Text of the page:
Lack of adiponectin leads to increased lymphocyte activation and increased disease severity in a mouse model of multiple sclerosis

Piccio L, Cantoni C, Henderson JG, Hawiger D, Ramsbottom M, Mikesell R, Ryu J, Hsieh CS, Cremasco V, Haynes W, Dong LQ, Chan L, Galimberti D, Cross AH; (2013) European Journal of Immunology, 43 (8), pp. 2089-2100. Read More


Multiple sclerosis (MS) is a presumed autoimmune disease directed against central nervous system (CNS) myelin, in which diet and obesity are implicated as risk factors. Immune responses can be influenced by molecules produced by fat cells, called adipokines. Adiponectin is an adipokine with anti-inflammatory effects. We tested the hypothesis that adiponectin has a protective role in the EAE model for MS, that can be induced by immunization with myelin antigens or transfer of myelin-specific T lymphocytes. Adiponectin deficient (ADPKO) mice developed worse EAE with greater CNS inflammation, demyelination, and axon injury. Lymphocytes from myelin-immunized ADPKO mice proliferated more, produced higher amounts of IFN-γ, IL-17, TNF-α, IL-6, and transferred more severe EAE than wild type (WT) lymphocytes. At EAE peak, the spleen and CNS of ADPKO had fewer regulatory T (Treg) cells than WT mice and during EAE recovery, Foxp3, IL-10 and TGF-β expression levels in the CNS were reduced in ADPKO compared with WT mice. Treatment with globular adiponectin in vivo ameliorated EAE, and was associated with an increase in Treg cells. These data indicate that adiponectin is an important regulator of T-cell functions during EAE, suggesting a new avenue of investigation for MS treatment. © 2013 WILEY-VCH Verlag GmbH & Co. KGaA, Weinheim.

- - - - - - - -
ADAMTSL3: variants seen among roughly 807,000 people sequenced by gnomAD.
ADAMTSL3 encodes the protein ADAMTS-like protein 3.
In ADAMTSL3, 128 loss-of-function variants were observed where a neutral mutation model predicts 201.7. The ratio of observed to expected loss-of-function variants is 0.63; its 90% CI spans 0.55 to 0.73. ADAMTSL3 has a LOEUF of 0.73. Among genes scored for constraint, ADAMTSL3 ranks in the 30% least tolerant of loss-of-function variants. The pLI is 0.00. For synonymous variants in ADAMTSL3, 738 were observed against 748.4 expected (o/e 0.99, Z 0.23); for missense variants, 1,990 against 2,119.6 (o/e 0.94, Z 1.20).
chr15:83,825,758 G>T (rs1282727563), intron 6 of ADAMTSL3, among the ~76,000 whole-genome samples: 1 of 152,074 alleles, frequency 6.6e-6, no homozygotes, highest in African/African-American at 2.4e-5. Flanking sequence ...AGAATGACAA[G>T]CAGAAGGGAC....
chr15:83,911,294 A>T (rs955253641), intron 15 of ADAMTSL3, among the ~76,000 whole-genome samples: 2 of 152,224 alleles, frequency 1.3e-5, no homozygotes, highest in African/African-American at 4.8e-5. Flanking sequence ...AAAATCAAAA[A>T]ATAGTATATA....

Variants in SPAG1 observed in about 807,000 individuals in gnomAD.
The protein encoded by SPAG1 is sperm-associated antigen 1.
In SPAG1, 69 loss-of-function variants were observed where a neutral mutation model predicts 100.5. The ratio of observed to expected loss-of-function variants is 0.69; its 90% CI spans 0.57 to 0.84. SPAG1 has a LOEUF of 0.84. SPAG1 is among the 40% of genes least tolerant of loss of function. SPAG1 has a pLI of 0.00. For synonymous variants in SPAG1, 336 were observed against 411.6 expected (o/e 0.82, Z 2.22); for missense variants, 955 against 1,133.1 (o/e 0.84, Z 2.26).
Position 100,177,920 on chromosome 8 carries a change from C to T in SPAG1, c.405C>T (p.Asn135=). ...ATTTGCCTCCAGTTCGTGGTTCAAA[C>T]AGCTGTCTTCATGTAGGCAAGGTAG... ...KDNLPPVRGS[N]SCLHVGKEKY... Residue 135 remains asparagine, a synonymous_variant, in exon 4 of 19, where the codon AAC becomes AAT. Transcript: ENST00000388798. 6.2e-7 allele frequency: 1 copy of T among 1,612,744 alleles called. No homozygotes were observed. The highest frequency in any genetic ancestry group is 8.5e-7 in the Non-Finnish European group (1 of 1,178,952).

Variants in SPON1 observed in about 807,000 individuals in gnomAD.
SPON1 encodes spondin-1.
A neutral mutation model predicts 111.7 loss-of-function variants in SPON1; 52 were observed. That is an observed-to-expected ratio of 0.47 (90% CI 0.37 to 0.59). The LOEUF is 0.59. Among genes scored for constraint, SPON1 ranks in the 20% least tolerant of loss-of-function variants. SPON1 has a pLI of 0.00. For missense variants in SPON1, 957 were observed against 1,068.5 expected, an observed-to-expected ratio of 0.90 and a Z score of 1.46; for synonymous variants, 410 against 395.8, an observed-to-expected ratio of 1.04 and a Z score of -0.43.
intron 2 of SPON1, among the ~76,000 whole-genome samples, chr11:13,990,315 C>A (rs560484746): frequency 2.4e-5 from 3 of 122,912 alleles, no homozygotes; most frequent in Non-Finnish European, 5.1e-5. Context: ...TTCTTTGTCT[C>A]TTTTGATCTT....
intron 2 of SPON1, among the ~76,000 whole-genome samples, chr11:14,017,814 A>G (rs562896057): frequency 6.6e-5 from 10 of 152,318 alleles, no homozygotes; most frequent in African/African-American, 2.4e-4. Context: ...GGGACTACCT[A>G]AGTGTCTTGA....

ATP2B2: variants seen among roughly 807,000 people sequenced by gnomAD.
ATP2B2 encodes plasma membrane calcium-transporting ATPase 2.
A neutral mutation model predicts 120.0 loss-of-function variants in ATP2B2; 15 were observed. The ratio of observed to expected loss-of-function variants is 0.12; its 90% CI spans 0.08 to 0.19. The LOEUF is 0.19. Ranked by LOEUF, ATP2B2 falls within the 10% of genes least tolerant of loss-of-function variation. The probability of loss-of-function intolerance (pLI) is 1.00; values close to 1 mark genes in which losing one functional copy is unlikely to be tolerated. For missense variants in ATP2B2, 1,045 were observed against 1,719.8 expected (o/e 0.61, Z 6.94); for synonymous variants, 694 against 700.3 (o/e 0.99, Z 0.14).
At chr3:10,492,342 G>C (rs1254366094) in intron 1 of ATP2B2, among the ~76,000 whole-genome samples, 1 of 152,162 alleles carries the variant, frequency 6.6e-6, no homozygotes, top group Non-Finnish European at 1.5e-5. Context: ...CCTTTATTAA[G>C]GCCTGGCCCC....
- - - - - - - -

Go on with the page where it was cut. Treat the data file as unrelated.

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Posted on August 30, 2013
Posted in: Axon Injury & Repair, Publications Authors: ,